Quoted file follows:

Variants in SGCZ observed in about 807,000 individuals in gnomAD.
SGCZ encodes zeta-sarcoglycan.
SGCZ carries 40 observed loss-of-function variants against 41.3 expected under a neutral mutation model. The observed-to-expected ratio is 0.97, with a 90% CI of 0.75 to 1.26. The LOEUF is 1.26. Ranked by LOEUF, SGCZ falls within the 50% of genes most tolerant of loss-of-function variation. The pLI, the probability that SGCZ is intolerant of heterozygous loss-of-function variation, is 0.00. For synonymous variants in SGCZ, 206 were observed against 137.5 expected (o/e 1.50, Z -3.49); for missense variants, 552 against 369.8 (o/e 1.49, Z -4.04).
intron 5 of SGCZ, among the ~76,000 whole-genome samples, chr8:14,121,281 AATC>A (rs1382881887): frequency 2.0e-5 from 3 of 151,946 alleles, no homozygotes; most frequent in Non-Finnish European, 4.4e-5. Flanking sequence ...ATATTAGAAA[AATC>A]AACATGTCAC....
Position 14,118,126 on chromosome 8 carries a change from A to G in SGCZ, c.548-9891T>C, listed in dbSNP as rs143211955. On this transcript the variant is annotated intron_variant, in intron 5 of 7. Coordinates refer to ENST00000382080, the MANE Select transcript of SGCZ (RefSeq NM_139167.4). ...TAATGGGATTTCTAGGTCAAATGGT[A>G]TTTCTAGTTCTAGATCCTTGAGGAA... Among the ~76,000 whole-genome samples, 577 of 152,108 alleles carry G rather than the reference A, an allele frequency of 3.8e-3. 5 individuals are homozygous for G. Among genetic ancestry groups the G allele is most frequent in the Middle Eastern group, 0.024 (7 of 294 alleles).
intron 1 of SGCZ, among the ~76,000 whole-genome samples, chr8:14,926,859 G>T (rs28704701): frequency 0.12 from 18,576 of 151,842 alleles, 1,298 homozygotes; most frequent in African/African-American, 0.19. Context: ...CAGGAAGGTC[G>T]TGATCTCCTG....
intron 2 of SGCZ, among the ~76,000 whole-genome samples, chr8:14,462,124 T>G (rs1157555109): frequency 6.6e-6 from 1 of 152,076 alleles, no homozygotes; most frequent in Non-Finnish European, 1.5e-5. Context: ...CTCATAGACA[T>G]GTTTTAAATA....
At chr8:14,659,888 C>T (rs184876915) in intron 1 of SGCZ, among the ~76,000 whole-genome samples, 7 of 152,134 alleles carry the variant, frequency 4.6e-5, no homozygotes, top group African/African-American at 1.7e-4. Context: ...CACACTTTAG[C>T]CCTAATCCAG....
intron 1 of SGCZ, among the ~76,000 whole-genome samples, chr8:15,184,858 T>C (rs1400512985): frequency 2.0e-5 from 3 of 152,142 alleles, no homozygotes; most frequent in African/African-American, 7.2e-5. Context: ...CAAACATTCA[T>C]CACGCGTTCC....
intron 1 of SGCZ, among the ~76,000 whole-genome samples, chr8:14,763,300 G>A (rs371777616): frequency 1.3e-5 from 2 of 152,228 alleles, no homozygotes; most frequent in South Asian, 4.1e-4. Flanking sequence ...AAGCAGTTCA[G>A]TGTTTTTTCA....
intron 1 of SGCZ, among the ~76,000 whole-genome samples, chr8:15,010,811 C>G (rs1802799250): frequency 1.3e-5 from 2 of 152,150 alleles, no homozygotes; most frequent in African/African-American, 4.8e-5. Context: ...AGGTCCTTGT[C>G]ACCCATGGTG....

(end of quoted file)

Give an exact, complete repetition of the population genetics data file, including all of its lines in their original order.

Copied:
Variants in SGCZ observed in about 807,000 individuals in gnomAD.
SGCZ encodes zeta-sarcoglycan.
SGCZ carries 40 observed loss-of-function variants against 41.3 expected under a neutral mutation model. The observed-to-expected ratio is 0.97, with a 90% CI of 0.75 to 1.26. The LOEUF is 1.26. Ranked by LOEUF, SGCZ falls within the 50% of genes most tolerant of loss-of-function variation. The pLI, the probability that SGCZ is intolerant of heterozygous loss-of-function variation, is 0.00. For synonymous variants in SGCZ, 206 were observed against 137.5 expected (o/e 1.50, Z -3.49); for missense variants, 552 against 369.8 (o/e 1.49, Z -4.04).
intron 5 of SGCZ, among the ~76,000 whole-genome samples, chr8:14,121,281 AATC>A (rs1382881887): frequency 2.0e-5 from 3 of 151,946 alleles, no homozygotes; most frequent in Non-Finnish European, 4.4e-5. Flanking sequence ...ATATTAGAAA[AATC>A]AACATGTCAC....
Position 14,118,126 on chromosome 8 carries a change from A to G in SGCZ, c.548-9891T>C, listed in dbSNP as rs143211955. On this transcript the variant is annotated intron_variant, in intron 5 of 7. Coordinates refer to ENST00000382080, the MANE Select transcript of SGCZ (RefSeq NM_139167.4). ...TAATGGGATTTCTAGGTCAAATGGT[A>G]TTTCTAGTTCTAGATCCTTGAGGAA... Among the ~76,000 whole-genome samples, 577 of 152,108 alleles carry G rather than the reference A, an allele frequency of 3.8e-3. 5 individuals are homozygous for G. Among genetic ancestry groups the G allele is most frequent in the Middle Eastern group, 0.024 (7 of 294 alleles).
intron 1 of SGCZ, among the ~76,000 whole-genome samples, chr8:14,926,859 G>T (rs28704701): frequency 0.12 from 18,576 of 151,842 alleles, 1,298 homozygotes; most frequent in African/African-American, 0.19. Context: ...CAGGAAGGTC[G>T]TGATCTCCTG....
intron 2 of SGCZ, among the ~76,000 whole-genome samples, chr8:14,462,124 T>G (rs1157555109): frequency 6.6e-6 from 1 of 152,076 alleles, no homozygotes; most frequent in Non-Finnish European, 1.5e-5. Context: ...CTCATAGACA[T>G]GTTTTAAATA....
At chr8:14,659,888 C>T (rs184876915) in intron 1 of SGCZ, among the ~76,000 whole-genome samples, 7 of 152,134 alleles carry the variant, frequency 4.6e-5, no homozygotes, top group African/African-American at 1.7e-4. Context: ...CACACTTTAG[C>T]CCTAATCCAG....
intron 1 of SGCZ, among the ~76,000 whole-genome samples, chr8:15,184,858 T>C (rs1400512985): frequency 2.0e-5 from 3 of 152,142 alleles, no homozygotes; most frequent in African/African-American, 7.2e-5. Context: ...CAAACATTCA[T>C]CACGCGTTCC....
intron 1 of SGCZ, among the ~76,000 whole-genome samples, chr8:14,763,300 G>A (rs371777616): frequency 1.3e-5 from 2 of 152,228 alleles, no homozygotes; most frequent in South Asian, 4.1e-4. Flanking sequence ...AAGCAGTTCA[G>A]TGTTTTTTCA....
intron 1 of SGCZ, among the ~76,000 whole-genome samples, chr8:15,010,811 C>G (rs1802799250): frequency 1.3e-5 from 2 of 152,150 alleles, no homozygotes; most frequent in African/African-American, 4.8e-5. Context: ...AGGTCCTTGT[C>G]ACCCATGGTG....